Moving shelved as millions of homeowners choose to stay put, according to research

Amanda Jarvis

October 21, 2004

1 in 2 intend to modernise their home; 1 in 3 are looking to re-do their bathroom or kitchen and nearly 1 in 5 are planning to extend.
Signs that the housing market is cooling in many parts of the country is leading to buyer apathy and resulting in a half of all households – some 8 million – planning to improve rather than move this year, according to research from Bradford & Bingley.
David Bitner, head of product operations at Bradford & Bingley, comments: “There are two key factors creating a stay put attitude: high house prices and costly stamp duty levels.
“House prices are still relatively high, despite reports of a slow down, and in some areas the difference between a 2 and 3-bedroom property can be as much as £100,000.  In addition, the government’s decision in recent years to tax homeowners by raising stamp duty has meant that many are now put off moving because the next home they want to buy means having to pay 3 or 4 per cent stamp duty.  On a £300,000 property, for instance, this equates to £9,000.  Given that the costs and prices are so high, an increasing number of people are deciding to renovate or revamp their home rather than trade-up.”
The research carried out by NOP, on behalf of Bradford & Bingley, also found that:
·       1 in 2 households (52%) plan to refresh their home by replacing outdated furniture, carpets and curtains; 
·       A third (32%) intend to fit a new bathroom, with the same amount deciding to remodel their kitchen; 
·       Over a quarter (27%) are looking to landscape the garden; 
·       Conservatories are planned by 1 in 5 (20%);
·       16% are organising extensions while 14% are looking to convert their loft. 

Funding the transformation

One way to fund home improvements is through remortgaging.   Bitner says that with interest rates still relatively low there are some fantastic remortgage deals available, potentially making doing up your home both an affordable proposition and a shrewd investment plan.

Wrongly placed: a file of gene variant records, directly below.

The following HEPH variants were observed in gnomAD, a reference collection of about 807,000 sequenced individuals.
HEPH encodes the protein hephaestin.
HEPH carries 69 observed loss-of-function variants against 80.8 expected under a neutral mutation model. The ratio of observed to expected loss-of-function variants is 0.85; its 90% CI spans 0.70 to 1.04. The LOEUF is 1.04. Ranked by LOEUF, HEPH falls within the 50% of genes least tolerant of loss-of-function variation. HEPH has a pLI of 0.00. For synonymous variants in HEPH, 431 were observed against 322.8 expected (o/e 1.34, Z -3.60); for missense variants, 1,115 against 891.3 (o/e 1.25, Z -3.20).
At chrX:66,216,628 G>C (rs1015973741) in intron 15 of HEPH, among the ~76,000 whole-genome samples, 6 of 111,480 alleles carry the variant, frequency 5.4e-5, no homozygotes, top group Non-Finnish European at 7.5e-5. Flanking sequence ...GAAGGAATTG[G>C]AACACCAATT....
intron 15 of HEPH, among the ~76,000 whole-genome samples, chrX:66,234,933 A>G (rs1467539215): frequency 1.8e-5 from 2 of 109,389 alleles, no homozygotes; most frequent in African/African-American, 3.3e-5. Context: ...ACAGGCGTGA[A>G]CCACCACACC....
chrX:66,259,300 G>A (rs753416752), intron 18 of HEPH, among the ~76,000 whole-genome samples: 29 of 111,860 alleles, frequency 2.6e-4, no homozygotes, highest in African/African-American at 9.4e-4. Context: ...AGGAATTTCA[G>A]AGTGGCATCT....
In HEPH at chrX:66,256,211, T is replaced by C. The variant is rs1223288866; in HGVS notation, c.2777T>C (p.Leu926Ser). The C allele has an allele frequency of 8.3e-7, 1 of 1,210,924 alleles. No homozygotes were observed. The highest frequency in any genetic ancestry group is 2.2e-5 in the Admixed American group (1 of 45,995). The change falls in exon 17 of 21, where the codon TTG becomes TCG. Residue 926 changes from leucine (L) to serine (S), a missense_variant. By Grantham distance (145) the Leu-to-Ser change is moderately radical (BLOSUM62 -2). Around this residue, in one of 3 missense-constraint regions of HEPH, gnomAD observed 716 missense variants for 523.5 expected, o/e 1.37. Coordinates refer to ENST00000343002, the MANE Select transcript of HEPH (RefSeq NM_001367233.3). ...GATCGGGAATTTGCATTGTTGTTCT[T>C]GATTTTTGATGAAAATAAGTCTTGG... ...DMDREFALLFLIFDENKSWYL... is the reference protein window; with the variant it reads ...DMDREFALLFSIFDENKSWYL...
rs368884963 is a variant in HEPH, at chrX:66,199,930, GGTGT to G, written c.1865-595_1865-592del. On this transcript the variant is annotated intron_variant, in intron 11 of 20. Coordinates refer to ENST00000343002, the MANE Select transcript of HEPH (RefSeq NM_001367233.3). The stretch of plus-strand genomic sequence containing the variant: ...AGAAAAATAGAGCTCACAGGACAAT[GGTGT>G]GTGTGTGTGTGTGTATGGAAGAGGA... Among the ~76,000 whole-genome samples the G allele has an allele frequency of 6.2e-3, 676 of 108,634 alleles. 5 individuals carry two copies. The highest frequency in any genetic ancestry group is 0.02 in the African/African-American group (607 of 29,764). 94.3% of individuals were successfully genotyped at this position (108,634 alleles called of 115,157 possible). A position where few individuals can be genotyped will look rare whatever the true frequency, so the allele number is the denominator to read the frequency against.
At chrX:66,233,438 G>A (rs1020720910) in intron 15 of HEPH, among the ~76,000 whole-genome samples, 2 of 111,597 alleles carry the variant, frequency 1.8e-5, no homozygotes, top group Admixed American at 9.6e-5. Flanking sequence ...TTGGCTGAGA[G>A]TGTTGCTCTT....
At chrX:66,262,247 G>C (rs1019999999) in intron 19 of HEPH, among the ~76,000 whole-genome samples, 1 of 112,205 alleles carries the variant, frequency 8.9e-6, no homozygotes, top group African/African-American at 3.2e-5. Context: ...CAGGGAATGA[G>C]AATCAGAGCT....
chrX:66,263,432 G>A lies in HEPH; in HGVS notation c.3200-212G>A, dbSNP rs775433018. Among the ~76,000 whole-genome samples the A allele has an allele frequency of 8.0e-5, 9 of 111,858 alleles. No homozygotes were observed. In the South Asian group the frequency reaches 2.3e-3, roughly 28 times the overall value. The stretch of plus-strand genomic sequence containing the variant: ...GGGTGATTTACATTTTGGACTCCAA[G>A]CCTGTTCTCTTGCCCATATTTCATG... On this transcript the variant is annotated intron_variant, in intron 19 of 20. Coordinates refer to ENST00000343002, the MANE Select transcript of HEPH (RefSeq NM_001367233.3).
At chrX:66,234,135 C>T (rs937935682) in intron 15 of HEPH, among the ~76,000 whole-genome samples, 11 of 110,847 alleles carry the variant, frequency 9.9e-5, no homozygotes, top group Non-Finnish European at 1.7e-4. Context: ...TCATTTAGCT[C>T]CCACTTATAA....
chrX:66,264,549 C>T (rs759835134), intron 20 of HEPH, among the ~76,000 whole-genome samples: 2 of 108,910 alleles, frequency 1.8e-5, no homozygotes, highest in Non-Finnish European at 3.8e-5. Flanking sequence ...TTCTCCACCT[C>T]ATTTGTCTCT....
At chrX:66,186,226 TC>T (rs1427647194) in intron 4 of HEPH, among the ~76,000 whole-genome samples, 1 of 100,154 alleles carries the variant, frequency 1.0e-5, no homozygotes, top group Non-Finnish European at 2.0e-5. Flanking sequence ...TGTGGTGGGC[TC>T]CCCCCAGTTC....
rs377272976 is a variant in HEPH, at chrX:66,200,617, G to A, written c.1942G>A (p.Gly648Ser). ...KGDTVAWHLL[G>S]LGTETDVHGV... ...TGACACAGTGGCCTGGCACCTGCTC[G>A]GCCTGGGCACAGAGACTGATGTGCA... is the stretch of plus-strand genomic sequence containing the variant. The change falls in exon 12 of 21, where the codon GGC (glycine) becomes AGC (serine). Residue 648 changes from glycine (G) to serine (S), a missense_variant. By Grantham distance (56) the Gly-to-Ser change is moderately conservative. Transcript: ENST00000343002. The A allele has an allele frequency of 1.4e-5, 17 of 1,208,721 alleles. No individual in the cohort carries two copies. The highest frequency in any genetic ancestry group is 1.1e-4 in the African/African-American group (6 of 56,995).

Example: With mortgage rates still very attractive, by remortgaging onto a current market-leading 2-year tracker at 4.59%<= and even extending the loan by £20k, a borrower with an existing £100k repayment loan over 25 years, paying a typical standard variable rate of 6.75%, could even reduce their repayments by around £18 a month.    What not to change… There are plenty of ways to refurbish your home but which will ultimately improve the overall value?   Changing Rooms – done correctly, smartening décor and refashioning rooms can add real value to your home and increase saleability, though it must be remembered that very personal colour schemes and unusual designs could put many buyers off when you come to sell.   Gardener’s World - your own private eden will give you an outdoor space to relax and entertain in.  A well presented, well maintained garden could increase the value of the house by 5%-10%, though of course this will depend on what it lacked beforehand.  In terms of saleability, it’s worth thinking about the atmosphere you are trying to create and the functions you need.  A play area may be a great asset to a family with young children but young professionals may want something more tranquil, a space to unwind and entertain.  Getting the balance right is key if you are aiming for mass appeal. Conserving Space - a conservatory is a welcome addition to most homes as it provides a light and airy space.  Adding a conservatory at the back or side of your home may take up some garden space but it’s a room you can use all year around.  As with any major change to a property though, always ensure that it compliments the style of the original building.  As a general rule, good conservatories should add more to the value than it cost.  Onwards and Upwards - loft conversions release extra living space at a relatively low cost and enable you to gain another room without going up a full price band.  It can also add to the saleability of your home if the work is of a high standard and there is a real benefit in having the extra living space.  However, be careful that you do not price yourself out of the market. Bitner continues: “Done properly these improvements can also been seen as an investment, adding real value to your property.  Before embarking on any major works, though, we would always advise people consult an expert.  Similarly when it comes to funding their home improvements, we would urge people to seek financial advice to ensure they get the right product for their individual circumstances.”   Bradford & Bingley is offering borrowers, unsure about the possible benefits of remortgaging, a no obligation review of their current mortgage arrangements.  It gives homeowners the chance to see whether they can get a better deal than the one they are currently on and to see how much they could benefit by switching.

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